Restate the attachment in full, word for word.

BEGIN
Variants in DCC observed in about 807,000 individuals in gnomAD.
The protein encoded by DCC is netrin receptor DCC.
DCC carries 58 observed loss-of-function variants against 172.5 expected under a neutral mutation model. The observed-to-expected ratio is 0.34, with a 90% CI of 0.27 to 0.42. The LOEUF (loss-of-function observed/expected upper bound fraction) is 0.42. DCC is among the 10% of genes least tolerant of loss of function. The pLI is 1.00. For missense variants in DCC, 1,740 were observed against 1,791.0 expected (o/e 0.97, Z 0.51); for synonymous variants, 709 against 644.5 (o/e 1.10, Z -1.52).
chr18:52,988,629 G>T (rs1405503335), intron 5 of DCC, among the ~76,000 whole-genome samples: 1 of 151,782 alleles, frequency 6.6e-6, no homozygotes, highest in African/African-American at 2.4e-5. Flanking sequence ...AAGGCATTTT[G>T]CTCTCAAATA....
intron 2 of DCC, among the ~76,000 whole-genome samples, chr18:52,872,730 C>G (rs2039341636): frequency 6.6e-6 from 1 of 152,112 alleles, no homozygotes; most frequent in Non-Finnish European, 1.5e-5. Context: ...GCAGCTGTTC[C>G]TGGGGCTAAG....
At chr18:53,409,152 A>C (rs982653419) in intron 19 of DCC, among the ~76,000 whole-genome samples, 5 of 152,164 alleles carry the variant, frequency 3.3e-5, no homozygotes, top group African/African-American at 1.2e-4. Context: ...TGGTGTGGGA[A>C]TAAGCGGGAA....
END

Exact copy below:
Variants in DCC observed in about 807,000 individuals in gnomAD.
The protein encoded by DCC is netrin receptor DCC.
DCC carries 58 observed loss-of-function variants against 172.5 expected under a neutral mutation model. The observed-to-expected ratio is 0.34, with a 90% CI of 0.27 to 0.42. The LOEUF (loss-of-function observed/expected upper bound fraction) is 0.42. DCC is among the 10% of genes least tolerant of loss of function. The pLI is 1.00. For missense variants in DCC, 1,740 were observed against 1,791.0 expected (o/e 0.97, Z 0.51); for synonymous variants, 709 against 644.5 (o/e 1.10, Z -1.52).
chr18:52,988,629 G>T (rs1405503335), intron 5 of DCC, among the ~76,000 whole-genome samples: 1 of 151,782 alleles, frequency 6.6e-6, no homozygotes, highest in African/African-American at 2.4e-5. Flanking sequence ...AAGGCATTTT[G>T]CTCTCAAATA....
intron 2 of DCC, among the ~76,000 whole-genome samples, chr18:52,872,730 C>G (rs2039341636): frequency 6.6e-6 from 1 of 152,112 alleles, no homozygotes; most frequent in Non-Finnish European, 1.5e-5. Context: ...GCAGCTGTTC[C>G]TGGGGCTAAG....
At chr18:53,409,152 A>C (rs982653419) in intron 19 of DCC, among the ~76,000 whole-genome samples, 5 of 152,164 alleles carry the variant, frequency 3.3e-5, no homozygotes, top group African/African-American at 1.2e-4. Context: ...TGGTGTGGGA[A>C]TAAGCGGGAA....